Option other than using $ _GET

GET is a convenient way to post a form id, post a site id, or any id. However, this is insecure because it is leaking the ID to visitors.

Is there any method I can use that is similar to the GET format that I don't need to submit to the form, but I can get the ID easily at the same time?

sorry, i am so green at it. how to use a session ? if use get , i can define 
$get?id=aaa for each link,but how can i achieve it in session?


What I really want to do:

In my case, I want to develop multiple forms, each of which has an ID, like formA, formB, formC ..

IF I use get i will detect <form id="myform" method="get" action="verify.php?id="formA">

however, since it is unsafe, how can I use a session to do this?

* Ans: put $ _session [id] = 'formid' and get it the same way. *

It's ok for the form, but .....

If I want to create a page with a lot of links, how do I achieve a session? how can I bind a session to a link? Thank.


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3 answers

The GET method puts data in the URL (so you can see it). The POST method puts data in the body of the request, so it is not duplicated in the address bar. However, you can easily find out the content of the request body using the browser plug-in.

The GET and POST method are equally safe this way. However, as Alex said, you can use a php session, but are only useful for data that the user won't change.

In your case, if you have identified a user with id and id, you just need to fill in $ _SESSION ['userid'] (variable name is arbitrary), then when the user submits it, you will return the user id from the session.

Edit: For your url:

http://mydomain.com?serviceid=1 call your service number one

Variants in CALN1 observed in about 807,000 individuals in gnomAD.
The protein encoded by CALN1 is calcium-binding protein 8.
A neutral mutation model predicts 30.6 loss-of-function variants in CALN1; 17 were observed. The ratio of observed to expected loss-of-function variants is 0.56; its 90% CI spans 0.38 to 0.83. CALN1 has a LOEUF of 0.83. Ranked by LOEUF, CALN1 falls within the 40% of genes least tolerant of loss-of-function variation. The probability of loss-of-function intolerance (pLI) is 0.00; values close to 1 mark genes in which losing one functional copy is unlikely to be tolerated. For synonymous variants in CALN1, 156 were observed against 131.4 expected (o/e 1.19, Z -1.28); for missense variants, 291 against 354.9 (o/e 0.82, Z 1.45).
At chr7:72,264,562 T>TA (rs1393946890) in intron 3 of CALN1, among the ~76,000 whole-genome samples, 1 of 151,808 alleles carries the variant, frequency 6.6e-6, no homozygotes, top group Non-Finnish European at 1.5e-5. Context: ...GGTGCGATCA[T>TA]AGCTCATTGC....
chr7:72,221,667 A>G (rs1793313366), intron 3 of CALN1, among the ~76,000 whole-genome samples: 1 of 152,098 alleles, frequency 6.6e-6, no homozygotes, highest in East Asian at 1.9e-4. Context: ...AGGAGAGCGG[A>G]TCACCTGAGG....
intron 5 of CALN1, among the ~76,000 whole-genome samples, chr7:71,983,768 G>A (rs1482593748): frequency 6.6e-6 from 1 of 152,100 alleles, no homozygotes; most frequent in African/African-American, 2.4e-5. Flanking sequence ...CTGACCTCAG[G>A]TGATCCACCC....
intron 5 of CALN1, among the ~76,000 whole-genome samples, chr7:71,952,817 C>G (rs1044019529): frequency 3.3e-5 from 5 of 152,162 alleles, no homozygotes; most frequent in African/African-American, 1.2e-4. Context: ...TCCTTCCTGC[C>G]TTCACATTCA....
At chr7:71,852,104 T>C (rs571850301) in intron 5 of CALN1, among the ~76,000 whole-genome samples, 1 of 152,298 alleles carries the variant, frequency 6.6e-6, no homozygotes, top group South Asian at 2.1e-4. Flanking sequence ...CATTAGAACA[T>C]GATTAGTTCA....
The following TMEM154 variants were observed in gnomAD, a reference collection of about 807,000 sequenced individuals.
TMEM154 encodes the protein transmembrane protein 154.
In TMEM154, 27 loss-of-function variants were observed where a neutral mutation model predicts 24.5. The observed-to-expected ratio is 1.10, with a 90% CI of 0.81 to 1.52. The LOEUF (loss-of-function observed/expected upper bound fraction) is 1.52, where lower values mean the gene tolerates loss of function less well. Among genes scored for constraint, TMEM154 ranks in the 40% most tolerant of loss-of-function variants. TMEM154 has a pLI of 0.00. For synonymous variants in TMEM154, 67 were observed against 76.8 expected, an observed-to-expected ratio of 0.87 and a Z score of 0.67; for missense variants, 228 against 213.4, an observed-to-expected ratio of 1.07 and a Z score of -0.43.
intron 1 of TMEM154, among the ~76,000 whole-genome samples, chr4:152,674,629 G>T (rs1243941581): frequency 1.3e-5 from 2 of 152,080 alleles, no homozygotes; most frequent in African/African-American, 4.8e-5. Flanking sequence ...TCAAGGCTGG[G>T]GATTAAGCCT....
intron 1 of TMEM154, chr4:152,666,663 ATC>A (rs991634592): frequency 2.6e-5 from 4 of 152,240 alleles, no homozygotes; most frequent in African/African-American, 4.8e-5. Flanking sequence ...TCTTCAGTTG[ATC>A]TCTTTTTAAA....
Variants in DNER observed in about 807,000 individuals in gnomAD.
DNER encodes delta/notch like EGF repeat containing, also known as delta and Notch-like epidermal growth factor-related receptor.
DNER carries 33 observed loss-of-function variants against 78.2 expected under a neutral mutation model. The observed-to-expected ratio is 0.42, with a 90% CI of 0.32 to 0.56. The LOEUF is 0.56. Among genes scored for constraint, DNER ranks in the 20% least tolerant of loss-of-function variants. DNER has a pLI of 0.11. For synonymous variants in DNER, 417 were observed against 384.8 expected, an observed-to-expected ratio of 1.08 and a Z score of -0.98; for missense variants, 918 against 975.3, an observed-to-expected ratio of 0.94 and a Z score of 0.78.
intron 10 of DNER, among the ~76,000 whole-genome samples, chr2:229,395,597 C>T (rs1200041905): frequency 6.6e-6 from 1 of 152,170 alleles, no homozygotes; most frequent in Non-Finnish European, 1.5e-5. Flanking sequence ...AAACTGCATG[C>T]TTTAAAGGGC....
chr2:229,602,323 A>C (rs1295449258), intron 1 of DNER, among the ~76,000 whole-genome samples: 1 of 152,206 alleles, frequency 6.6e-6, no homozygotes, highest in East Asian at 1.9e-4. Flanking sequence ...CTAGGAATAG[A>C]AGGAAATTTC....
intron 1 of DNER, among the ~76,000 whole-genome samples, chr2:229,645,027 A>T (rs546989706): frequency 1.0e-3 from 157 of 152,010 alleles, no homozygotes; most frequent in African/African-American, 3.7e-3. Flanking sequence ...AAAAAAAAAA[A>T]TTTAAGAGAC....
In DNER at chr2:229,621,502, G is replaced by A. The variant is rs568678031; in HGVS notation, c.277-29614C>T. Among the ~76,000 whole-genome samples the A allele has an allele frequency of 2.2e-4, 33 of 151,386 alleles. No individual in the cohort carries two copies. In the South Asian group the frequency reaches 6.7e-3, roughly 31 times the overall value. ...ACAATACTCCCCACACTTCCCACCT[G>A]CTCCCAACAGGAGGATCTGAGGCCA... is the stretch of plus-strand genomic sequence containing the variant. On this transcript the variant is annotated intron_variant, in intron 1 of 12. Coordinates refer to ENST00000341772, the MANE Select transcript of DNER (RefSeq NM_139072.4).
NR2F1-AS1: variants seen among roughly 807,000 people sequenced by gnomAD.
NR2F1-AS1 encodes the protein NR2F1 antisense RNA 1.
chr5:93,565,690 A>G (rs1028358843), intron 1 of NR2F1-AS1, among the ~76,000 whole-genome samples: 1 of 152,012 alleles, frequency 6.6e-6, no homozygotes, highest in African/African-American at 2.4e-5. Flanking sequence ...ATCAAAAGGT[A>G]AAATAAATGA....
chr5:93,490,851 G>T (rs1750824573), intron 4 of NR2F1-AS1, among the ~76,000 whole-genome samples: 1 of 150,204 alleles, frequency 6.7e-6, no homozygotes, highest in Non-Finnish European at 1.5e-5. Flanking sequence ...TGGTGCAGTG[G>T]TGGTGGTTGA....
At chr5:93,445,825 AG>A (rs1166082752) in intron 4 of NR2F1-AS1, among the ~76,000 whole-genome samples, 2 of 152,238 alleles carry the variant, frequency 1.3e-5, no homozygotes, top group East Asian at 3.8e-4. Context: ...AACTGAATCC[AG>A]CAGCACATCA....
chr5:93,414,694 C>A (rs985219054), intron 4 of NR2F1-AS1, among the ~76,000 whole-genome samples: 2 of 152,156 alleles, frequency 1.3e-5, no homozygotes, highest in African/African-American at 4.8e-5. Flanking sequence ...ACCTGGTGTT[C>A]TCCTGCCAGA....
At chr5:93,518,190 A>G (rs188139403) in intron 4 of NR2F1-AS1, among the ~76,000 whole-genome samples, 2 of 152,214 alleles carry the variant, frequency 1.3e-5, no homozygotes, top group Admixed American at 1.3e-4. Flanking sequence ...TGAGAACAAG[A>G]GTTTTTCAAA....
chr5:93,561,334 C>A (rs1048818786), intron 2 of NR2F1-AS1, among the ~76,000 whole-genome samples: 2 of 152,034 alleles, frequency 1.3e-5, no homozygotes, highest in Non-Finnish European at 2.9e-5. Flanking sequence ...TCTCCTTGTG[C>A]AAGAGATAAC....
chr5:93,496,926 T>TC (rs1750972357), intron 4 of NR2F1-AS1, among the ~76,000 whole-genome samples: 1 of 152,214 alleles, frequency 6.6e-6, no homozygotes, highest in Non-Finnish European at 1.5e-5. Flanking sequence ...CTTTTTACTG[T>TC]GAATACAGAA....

You can set up a token system, which means that for the current user, you give him a hash that seems random and allows him to execute the service. At the beginning of your script, you can put this token:

session_start(); // To start php session
// We check if the current user has a token
if ( isset($_SESSION['usertoken'] ) )
   $token = md5( 'myubbersalt' . md5(time)  ); // The token is a random string (not to random there)
   $_SESSION['usertoken'] = $token; // The server now have set an action token for the user


Then when you create your page (with a link to the service) you add the token to the url like:

echo 'http://mydomain.com?serviceid=1&tok=' . $_SESSION['usertoken'];


Finally, when http://mydomain.com?serviceid=1 is called , you check the token inside yourself:

session_start(); // This should be added at the begining of your script
// We check if the usertoken match the service token
$canExecuteService = false;
if ( isset( $_GET['tok'] && isset($_SESSION['usertoken']) )
   if ( $_GET['tok'] == $_SESSION['usertoken'] )
      $canExecuteService = true;


So, you have a variable telling you if you can or may not perform this service. The token ruler is the same as php session. Plus 2 different users cannot have the same token (in this simple generation, two users can use the same token if they execute the page at the same time). Also, an attacker cannot spoof the token because it is generated from a variable source and is salted with a salt that only your site knows.




You can use $_SESSION

to transfer information that the user cannot change.



You don't want to use $ _POST or $ _GET. Use $ _SESSION.



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